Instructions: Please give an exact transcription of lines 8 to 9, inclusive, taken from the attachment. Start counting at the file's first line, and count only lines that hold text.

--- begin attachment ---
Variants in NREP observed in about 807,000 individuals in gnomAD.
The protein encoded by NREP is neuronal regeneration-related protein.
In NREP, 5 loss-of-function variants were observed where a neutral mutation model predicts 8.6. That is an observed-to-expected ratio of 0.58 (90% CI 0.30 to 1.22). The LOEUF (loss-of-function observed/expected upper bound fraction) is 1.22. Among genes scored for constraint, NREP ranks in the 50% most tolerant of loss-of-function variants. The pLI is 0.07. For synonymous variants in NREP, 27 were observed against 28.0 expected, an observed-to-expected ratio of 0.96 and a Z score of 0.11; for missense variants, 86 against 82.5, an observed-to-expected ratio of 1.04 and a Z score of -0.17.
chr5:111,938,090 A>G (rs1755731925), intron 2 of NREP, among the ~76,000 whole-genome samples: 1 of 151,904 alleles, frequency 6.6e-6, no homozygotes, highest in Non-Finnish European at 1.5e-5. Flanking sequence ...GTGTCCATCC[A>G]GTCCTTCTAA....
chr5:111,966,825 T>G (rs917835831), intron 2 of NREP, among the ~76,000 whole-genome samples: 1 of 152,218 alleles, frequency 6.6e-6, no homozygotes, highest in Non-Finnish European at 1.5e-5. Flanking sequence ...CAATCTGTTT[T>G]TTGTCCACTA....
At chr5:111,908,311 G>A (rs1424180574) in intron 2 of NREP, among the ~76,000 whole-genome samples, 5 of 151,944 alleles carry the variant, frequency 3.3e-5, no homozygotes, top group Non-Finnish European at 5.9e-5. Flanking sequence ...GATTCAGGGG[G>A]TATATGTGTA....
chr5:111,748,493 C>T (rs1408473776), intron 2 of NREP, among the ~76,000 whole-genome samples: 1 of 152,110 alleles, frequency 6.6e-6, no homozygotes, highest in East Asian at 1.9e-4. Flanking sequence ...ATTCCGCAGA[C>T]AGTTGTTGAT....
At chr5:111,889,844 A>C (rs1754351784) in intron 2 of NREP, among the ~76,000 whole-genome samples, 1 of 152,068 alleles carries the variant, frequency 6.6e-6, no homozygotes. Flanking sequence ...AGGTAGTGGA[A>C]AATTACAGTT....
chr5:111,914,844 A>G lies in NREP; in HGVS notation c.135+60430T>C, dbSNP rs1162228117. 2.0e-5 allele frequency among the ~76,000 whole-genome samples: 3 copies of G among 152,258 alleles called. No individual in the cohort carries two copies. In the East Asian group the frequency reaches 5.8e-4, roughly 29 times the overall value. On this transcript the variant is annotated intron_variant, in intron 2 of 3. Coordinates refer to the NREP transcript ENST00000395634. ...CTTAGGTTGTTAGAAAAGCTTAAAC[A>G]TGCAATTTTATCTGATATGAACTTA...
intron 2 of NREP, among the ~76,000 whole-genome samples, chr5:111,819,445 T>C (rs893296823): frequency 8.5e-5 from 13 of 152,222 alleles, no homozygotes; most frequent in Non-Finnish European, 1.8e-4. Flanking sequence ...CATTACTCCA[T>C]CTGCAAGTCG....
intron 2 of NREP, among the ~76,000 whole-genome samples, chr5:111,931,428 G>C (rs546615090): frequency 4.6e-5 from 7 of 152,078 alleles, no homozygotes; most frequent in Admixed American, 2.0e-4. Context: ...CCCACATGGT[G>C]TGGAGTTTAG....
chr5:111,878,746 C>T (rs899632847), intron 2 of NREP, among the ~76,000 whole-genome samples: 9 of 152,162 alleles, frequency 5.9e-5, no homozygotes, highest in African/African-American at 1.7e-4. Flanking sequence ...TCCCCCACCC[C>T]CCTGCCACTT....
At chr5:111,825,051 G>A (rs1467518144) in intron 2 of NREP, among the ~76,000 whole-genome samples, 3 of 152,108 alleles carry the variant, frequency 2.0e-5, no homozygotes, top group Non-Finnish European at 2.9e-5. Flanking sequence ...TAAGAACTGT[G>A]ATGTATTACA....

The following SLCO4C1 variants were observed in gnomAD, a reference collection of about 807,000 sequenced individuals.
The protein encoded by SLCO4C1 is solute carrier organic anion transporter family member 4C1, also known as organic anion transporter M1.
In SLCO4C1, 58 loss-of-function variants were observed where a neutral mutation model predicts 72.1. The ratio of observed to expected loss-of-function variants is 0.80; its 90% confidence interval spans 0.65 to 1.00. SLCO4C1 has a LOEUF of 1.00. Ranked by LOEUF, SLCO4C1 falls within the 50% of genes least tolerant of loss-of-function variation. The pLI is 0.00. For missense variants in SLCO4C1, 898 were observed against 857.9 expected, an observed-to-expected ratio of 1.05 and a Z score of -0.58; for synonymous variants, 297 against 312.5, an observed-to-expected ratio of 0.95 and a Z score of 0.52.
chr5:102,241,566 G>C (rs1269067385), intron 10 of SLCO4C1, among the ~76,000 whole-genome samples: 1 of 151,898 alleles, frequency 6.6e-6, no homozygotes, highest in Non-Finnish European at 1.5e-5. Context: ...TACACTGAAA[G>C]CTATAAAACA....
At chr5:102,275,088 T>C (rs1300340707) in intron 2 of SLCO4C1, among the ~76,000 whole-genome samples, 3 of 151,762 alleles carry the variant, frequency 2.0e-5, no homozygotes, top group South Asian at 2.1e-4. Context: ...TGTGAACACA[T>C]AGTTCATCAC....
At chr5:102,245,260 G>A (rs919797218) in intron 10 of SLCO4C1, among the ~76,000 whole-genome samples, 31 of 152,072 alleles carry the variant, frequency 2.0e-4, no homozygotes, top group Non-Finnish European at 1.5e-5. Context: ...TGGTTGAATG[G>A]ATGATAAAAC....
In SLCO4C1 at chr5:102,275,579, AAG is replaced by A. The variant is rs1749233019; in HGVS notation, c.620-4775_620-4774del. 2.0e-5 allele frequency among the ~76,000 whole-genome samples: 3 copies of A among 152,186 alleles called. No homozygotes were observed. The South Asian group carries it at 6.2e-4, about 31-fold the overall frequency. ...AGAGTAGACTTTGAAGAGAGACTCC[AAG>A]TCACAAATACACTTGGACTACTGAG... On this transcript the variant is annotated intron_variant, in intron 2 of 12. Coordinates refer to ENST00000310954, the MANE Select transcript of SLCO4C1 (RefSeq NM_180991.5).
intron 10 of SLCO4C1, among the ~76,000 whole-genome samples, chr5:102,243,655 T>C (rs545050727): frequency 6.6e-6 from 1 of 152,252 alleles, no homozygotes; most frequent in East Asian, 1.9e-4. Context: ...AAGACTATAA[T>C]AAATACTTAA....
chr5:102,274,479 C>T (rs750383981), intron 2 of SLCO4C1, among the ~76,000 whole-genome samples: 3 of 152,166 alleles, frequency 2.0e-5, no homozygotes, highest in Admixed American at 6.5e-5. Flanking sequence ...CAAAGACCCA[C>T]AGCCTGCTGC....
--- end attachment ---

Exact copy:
At chr5:111,889,844 A>C (rs1754351784) in intron 2 of NREP, among the ~76,000 whole-genome samples, 1 of 152,068 alleles carries the variant, frequency 6.6e-6, no homozygotes. Flanking sequence ...AGGTAGTGGA[A>C]AATTACAGTT....
chr5:111,914,844 A>G lies in NREP; in HGVS notation c.135+60430T>C, dbSNP rs1162228117. 2.0e-5 allele frequency among the ~76,000 whole-genome samples: 3 copies of G among 152,258 alleles called. No individual in the cohort carries two copies. In the East Asian group the frequency reaches 5.8e-4, roughly 29 times the overall value. On this transcript the variant is annotated intron_variant, in intron 2 of 3. Coordinates refer to the NREP transcript ENST00000395634. ...CTTAGGTTGTTAGAAAAGCTTAAAC[A>G]TGCAATTTTATCTGATATGAACTTA...